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Nao could usher in the age of social humanoid robots that are designed to live and work with humans. Aldebaran Robotics, a French company owned by Japan’s SoftBank, has created five versions of the robots in the last nine years with this dream in mind.
Nao is a cute and friendly robot aimed at creating warm and fuzzy feelings. It costs a lot less than it once did, but is still pricey at around $7,000 to $8,000. I got a good look at the robot at the Global Mobile Internet Conference (GMIC) in San Francisco yesterday. Among its tricks: He performed Tai chi exercises in a way that showed off his flexible joints, he got up from a squatting position, and he picked himself up once he was pushed on the ground.
Paris-based Aldebaran isn’t selling Nao directly to consumers yet. That’s coming in the next year or so. But it is exploring applications for schools and universities, such as helping children with autism through interactive games and apps. SoftBank is using a different version, dubbed Pepper, to improve the customer experience at its SoftBank mobile stores in Japan.
“He’s not going to be able to open the fridge and get you a beer,” said Laura Bokobza, executive vice president and chief marketing officer at Aldebaran Robotics in an interview with VentureBeat. “But we do believe he will be a good companion robot. They will be helpers in a different sense. They may remind you it’s your anniversary today.”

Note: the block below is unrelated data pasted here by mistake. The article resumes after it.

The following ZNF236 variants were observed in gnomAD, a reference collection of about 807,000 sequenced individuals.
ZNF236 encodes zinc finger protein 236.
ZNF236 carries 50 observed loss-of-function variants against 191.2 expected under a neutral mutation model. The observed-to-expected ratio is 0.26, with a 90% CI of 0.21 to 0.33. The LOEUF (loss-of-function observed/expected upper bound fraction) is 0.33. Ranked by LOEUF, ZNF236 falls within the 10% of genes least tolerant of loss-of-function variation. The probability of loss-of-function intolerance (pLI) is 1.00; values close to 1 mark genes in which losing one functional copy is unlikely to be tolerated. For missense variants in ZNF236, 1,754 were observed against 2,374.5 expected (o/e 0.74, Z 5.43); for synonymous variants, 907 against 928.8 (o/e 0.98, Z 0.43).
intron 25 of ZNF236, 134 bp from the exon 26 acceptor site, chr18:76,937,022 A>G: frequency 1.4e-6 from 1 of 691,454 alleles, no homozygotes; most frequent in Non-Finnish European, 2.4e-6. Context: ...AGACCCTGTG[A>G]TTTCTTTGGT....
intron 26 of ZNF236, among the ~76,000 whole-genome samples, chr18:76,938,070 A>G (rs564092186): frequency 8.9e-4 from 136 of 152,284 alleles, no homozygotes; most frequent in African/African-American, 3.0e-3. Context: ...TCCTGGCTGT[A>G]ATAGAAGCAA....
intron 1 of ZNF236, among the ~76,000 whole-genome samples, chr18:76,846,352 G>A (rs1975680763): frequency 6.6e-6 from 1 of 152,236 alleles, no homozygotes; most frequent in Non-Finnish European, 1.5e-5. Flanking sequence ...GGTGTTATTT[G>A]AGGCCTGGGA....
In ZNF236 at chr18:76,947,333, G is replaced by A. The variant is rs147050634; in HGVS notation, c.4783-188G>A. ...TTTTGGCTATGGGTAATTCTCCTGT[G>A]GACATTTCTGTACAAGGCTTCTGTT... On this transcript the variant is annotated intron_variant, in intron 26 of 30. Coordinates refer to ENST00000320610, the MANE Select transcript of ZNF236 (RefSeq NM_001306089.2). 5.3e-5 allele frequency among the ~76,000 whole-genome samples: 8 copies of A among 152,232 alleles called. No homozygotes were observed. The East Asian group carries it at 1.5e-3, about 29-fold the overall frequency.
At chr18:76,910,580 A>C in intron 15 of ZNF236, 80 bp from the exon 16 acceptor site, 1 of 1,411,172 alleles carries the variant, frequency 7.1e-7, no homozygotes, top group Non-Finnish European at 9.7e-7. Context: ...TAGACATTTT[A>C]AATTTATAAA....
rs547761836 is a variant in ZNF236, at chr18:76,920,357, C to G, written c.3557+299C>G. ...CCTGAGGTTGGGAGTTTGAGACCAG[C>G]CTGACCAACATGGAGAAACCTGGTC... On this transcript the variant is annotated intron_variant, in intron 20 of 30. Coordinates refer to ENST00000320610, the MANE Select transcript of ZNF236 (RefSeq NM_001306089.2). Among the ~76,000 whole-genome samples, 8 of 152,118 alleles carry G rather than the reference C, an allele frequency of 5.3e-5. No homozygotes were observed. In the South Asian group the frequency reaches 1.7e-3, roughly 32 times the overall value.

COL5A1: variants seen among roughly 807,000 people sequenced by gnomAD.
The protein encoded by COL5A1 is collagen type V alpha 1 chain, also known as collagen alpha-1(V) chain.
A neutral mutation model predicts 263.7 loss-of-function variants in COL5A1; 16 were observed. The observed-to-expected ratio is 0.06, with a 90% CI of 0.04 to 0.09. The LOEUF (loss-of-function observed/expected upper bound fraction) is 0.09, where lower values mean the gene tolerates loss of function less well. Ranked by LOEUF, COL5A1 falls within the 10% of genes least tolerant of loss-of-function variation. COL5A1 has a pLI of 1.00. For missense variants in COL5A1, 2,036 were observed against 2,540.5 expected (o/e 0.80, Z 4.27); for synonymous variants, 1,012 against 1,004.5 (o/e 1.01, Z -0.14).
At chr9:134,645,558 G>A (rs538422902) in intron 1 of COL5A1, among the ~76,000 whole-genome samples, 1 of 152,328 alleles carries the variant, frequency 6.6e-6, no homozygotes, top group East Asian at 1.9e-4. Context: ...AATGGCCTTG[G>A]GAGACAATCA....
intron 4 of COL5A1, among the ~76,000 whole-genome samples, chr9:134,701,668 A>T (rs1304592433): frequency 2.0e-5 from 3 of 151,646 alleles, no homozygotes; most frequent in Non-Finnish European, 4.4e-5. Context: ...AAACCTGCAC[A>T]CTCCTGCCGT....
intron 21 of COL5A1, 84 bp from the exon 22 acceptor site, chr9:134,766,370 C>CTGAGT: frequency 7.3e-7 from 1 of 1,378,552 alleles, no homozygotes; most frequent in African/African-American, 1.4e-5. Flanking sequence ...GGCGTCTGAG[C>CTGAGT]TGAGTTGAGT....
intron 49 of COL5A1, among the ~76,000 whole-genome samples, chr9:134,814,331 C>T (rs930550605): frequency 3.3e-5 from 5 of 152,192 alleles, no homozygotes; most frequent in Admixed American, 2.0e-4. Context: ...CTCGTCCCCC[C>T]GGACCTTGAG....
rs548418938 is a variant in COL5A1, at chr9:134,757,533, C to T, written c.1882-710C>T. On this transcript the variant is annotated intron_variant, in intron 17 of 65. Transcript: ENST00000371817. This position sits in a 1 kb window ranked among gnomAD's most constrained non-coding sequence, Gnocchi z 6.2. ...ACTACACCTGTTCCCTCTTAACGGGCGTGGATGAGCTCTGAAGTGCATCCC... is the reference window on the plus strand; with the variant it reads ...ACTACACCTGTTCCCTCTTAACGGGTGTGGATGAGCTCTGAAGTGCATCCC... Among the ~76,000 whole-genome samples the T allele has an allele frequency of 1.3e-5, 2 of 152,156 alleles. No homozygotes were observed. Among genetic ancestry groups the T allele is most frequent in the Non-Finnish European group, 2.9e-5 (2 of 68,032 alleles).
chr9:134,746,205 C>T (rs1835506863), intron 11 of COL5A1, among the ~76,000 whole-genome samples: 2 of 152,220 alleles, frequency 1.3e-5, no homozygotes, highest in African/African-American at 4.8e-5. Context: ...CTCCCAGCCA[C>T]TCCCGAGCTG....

Nao is a 58-centimeter tall robot that can be easily told what to do using an object-oriented program on a computer. Using the NAOqi middleware software, you can tell him how to use his sensors, motors, and brain. As such, the robot is a good way to introduce children to programming, Bokobza said. More sophisticated programmers can look at the underlying code and efficiently choreograph a bunch of complex tasks. Over time, Nao can evolve with upgraded software. The software is proprietary, but it is based on a version of Linux.
Nao was first created in 2006. He’s a lot more sophisticated now, and he costs a lot less. You can ask him to do something and he’ll do it. You can ask him to teach multiplication tables to your kids, wake you up in the morning, monitor your home in the day, or teach you new things.
“I have a child, and I think of Nao as providing a buffer memory for myself,” Bokobza said. “I travel a lot, and he may remind me of what my child is doing while I’m far away.”
His body has 25 degrees of freedom, thanks to a bunch of electric motors and actuators. He has two cameras that capture video at 30 frames per second, four directional microphones, a sonar range finder, two infrared emitters and receivers, an inertial board, nine tactile sensors, and eight pressure sensors. Nao runs on an Intel Atom central processing unit (CPU) that operates at 1.6 gigahertz. There’s a second CPU in the torso. It has a 48.6-watt-hour battery that provides Nao with about 90 minutes to two hours of operation.
His motion module uses inverse kinematics, which means he has good joint control, balance, and task priority. He has Wi-Fi and Ethernet connectivity.
SoftBank acquired 78 percent of Aldebaran in 2012, and the company itself was founded in 2005. Over time, robots like Nao may be a fixture in every home, Bokobza said. There’s competition out there from the likes of Honda’s Asimo robot and Intel’s Jimmy the 21st Century Robot.
“It’s becoming more and more accessible for the home,” she said.
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